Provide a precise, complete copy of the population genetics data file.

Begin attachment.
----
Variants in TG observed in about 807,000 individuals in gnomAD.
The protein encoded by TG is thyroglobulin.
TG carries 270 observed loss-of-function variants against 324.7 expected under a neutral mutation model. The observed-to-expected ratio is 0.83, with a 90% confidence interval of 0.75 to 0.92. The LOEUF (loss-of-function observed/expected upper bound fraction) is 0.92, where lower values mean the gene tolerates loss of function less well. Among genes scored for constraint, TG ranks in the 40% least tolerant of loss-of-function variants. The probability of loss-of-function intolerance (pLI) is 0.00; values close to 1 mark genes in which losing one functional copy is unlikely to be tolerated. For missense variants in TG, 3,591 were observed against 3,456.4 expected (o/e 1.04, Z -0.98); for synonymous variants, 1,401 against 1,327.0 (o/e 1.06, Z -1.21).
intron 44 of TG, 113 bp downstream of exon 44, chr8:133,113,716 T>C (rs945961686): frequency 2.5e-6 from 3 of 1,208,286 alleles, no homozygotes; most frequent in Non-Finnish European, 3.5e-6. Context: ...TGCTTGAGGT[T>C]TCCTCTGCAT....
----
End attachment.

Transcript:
Variants in TG observed in about 807,000 individuals in gnomAD.
The protein encoded by TG is thyroglobulin.
TG carries 270 observed loss-of-function variants against 324.7 expected under a neutral mutation model. The observed-to-expected ratio is 0.83, with a 90% confidence interval of 0.75 to 0.92. The LOEUF (loss-of-function observed/expected upper bound fraction) is 0.92, where lower values mean the gene tolerates loss of function less well. Among genes scored for constraint, TG ranks in the 40% least tolerant of loss-of-function variants. The probability of loss-of-function intolerance (pLI) is 0.00; values close to 1 mark genes in which losing one functional copy is unlikely to be tolerated. For missense variants in TG, 3,591 were observed against 3,456.4 expected (o/e 1.04, Z -0.98); for synonymous variants, 1,401 against 1,327.0 (o/e 1.06, Z -1.21).
intron 44 of TG, 113 bp downstream of exon 44, chr8:133,113,716 T>C (rs945961686): frequency 2.5e-6 from 3 of 1,208,286 alleles, no homozygotes; most frequent in Non-Finnish European, 3.5e-6. Context: ...TGCTTGAGGT[T>C]TCCTCTGCAT....